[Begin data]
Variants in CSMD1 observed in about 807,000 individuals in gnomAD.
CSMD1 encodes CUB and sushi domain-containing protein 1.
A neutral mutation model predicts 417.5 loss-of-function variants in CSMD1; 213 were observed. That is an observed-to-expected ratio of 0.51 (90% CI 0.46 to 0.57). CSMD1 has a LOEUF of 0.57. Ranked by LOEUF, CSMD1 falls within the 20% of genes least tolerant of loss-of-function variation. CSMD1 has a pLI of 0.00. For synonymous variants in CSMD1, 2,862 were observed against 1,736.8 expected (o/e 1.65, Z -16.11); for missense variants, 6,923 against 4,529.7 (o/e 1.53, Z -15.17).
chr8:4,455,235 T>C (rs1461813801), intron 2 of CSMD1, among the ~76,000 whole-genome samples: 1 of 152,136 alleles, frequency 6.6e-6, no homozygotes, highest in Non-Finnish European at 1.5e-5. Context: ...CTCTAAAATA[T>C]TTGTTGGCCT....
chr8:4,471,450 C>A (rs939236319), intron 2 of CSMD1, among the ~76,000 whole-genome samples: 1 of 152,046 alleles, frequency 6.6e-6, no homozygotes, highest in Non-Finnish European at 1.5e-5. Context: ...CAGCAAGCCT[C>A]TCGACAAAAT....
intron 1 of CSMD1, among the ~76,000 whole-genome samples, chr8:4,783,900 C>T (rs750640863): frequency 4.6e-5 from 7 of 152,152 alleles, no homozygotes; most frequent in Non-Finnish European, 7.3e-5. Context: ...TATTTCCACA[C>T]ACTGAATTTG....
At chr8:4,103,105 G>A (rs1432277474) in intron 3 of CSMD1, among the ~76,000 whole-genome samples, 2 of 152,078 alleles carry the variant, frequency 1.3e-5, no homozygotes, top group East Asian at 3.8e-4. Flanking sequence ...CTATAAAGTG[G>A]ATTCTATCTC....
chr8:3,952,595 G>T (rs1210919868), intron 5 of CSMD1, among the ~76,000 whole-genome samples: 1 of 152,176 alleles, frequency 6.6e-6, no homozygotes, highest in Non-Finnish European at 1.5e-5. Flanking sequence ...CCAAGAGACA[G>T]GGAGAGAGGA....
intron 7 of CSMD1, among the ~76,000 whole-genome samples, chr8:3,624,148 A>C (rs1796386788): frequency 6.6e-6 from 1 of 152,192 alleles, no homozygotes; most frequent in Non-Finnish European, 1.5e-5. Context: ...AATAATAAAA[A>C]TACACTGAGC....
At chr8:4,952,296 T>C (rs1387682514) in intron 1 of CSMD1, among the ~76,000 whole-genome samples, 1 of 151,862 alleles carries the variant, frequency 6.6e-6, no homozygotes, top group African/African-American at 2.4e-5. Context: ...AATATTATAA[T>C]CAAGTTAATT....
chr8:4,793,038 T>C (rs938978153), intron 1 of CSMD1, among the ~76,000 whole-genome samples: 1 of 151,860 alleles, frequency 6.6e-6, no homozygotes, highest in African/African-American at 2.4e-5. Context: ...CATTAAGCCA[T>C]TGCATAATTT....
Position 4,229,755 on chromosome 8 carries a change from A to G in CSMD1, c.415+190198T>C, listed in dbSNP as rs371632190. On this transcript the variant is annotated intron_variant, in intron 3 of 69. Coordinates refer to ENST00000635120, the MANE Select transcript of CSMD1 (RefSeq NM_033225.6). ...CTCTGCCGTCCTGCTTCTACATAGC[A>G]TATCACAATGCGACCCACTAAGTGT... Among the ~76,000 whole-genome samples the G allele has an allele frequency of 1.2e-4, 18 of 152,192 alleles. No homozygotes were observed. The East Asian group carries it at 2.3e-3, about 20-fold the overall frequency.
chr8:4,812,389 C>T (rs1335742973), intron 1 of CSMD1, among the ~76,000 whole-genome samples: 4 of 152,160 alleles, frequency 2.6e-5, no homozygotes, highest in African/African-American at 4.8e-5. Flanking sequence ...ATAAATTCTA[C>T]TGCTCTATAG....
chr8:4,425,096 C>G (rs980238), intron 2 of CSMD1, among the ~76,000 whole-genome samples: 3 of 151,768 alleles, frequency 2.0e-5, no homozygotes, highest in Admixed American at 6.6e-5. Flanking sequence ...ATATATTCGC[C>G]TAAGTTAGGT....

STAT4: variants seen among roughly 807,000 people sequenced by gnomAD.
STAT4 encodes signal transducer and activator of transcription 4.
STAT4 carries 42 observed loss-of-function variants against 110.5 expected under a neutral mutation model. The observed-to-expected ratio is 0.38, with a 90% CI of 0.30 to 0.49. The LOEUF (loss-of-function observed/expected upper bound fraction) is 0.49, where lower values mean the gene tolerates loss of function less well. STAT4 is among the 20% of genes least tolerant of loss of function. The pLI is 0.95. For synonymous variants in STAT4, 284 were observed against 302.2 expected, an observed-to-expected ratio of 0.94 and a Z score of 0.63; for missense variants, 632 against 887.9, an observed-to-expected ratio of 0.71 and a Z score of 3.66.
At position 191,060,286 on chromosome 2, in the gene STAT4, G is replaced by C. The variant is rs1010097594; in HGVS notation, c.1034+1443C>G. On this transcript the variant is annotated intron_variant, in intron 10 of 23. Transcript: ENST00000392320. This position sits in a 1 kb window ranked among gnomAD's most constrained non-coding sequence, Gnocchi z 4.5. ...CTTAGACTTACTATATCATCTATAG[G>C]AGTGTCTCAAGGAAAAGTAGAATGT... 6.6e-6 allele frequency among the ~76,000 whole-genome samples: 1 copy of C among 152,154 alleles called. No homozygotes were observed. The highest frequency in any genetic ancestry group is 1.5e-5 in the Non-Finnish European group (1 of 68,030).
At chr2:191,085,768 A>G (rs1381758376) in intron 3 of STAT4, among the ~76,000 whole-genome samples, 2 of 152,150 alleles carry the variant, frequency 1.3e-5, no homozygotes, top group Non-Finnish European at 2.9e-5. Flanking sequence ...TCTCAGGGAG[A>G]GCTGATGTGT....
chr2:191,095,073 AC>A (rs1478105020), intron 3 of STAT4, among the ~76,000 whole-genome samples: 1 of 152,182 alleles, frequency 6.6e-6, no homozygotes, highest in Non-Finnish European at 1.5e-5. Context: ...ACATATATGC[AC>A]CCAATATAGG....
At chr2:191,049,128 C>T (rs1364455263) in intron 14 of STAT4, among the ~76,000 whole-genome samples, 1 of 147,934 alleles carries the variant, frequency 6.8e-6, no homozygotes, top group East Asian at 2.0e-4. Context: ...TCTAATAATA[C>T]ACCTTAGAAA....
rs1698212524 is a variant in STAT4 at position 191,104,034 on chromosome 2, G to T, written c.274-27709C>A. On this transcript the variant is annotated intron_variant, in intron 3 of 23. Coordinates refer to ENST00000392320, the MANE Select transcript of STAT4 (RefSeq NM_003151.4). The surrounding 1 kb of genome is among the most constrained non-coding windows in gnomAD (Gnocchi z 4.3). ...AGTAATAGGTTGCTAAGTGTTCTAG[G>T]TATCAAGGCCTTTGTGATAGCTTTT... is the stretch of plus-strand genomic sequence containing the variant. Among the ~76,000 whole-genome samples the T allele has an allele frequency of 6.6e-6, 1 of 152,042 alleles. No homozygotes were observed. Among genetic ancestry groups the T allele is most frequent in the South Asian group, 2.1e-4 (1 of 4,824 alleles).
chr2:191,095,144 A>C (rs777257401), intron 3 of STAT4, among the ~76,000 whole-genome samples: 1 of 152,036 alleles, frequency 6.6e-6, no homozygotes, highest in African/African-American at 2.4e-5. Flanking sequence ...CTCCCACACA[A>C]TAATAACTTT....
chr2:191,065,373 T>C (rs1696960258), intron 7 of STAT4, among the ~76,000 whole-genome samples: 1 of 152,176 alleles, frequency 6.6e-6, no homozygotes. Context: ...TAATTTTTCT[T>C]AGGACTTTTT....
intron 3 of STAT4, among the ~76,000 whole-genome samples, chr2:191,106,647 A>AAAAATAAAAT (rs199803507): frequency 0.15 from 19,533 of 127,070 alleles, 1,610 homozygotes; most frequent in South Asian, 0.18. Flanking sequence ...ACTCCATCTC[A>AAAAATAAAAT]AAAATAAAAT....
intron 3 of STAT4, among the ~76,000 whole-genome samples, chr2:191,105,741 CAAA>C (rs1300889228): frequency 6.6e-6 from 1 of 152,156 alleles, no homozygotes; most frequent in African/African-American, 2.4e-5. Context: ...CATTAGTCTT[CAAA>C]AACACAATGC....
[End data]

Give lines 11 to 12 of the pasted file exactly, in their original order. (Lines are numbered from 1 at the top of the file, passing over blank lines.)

chr8:4,793,038 T>C (rs938978153), intron 1 of CSMD1, among the ~76,000 whole-genome samples: 1 of 151,860 alleles, frequency 6.6e-6, no homozygotes, highest in African/African-American at 2.4e-5. Context: ...CATTAAGCCA[T>C]TGCATAATTT....
Position 4,229,755 on chromosome 8 carries a change from A to G in CSMD1, c.415+190198T>C, listed in dbSNP as rs371632190. On this transcript the variant is annotated intron_variant, in intron 3 of 69. Coordinates refer to ENST00000635120, the MANE Select transcript of CSMD1 (RefSeq NM_033225.6). ...CTCTGCCGTCCTGCTTCTACATAGC[A>G]TATCACAATGCGACCCACTAAGTGT... Among the ~76,000 whole-genome samples the G allele has an allele frequency of 1.2e-4, 18 of 152,192 alleles. No homozygotes were observed. The East Asian group carries it at 2.3e-3, about 20-fold the overall frequency.